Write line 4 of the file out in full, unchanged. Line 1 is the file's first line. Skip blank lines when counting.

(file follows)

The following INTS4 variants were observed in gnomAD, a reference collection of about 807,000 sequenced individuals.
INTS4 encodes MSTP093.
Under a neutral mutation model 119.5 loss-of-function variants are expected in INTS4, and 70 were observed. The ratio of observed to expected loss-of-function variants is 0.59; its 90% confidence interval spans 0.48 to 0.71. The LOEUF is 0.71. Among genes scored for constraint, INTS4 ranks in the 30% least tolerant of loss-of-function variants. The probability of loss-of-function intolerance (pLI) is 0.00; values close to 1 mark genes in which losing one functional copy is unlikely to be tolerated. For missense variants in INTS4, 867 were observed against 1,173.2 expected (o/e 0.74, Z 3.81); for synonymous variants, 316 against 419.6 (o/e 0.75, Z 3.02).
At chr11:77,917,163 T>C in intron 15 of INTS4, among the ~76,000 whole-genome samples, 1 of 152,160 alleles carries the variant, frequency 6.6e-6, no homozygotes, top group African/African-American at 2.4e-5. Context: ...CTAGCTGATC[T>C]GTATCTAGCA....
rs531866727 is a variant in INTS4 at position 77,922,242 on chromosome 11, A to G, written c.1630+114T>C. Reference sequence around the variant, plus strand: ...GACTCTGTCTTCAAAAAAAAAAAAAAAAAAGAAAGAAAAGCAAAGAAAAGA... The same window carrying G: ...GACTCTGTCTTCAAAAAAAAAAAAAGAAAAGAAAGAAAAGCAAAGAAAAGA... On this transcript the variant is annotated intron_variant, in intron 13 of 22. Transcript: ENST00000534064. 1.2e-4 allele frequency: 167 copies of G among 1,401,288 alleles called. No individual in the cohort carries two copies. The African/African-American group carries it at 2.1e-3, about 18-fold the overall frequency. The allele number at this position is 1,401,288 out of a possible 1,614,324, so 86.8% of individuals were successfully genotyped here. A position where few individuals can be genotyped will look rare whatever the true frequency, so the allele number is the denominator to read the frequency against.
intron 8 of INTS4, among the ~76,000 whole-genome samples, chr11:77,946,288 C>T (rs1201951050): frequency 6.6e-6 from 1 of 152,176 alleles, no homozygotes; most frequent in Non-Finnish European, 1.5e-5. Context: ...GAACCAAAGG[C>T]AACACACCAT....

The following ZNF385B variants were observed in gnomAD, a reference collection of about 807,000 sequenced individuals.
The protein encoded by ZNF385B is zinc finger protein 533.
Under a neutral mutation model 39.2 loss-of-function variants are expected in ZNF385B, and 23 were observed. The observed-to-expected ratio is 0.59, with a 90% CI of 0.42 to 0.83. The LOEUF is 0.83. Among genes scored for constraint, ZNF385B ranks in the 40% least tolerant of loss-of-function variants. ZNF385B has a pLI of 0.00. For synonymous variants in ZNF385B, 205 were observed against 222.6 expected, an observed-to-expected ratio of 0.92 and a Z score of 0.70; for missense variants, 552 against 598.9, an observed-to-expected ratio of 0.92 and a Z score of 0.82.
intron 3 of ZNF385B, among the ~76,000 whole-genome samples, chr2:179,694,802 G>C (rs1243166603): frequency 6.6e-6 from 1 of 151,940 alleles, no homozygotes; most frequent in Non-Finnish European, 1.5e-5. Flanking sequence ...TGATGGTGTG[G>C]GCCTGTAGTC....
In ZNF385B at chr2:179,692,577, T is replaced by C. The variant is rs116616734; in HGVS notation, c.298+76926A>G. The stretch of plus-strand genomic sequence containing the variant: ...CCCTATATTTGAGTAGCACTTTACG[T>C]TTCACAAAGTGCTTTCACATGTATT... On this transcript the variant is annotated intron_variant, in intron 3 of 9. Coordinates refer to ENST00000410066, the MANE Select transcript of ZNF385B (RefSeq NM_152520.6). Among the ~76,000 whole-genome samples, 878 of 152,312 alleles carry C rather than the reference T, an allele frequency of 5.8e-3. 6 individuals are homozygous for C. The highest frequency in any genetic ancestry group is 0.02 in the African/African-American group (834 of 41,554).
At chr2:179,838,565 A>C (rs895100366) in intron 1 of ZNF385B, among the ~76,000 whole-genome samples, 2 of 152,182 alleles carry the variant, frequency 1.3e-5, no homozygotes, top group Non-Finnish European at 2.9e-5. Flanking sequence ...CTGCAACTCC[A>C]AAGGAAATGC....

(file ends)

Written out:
At chr11:77,917,163 T>C in intron 15 of INTS4, among the ~76,000 whole-genome samples, 1 of 152,160 alleles carries the variant, frequency 6.6e-6, no homozygotes, top group African/African-American at 2.4e-5. Context: ...CTAGCTGATC[T>C]GTATCTAGCA....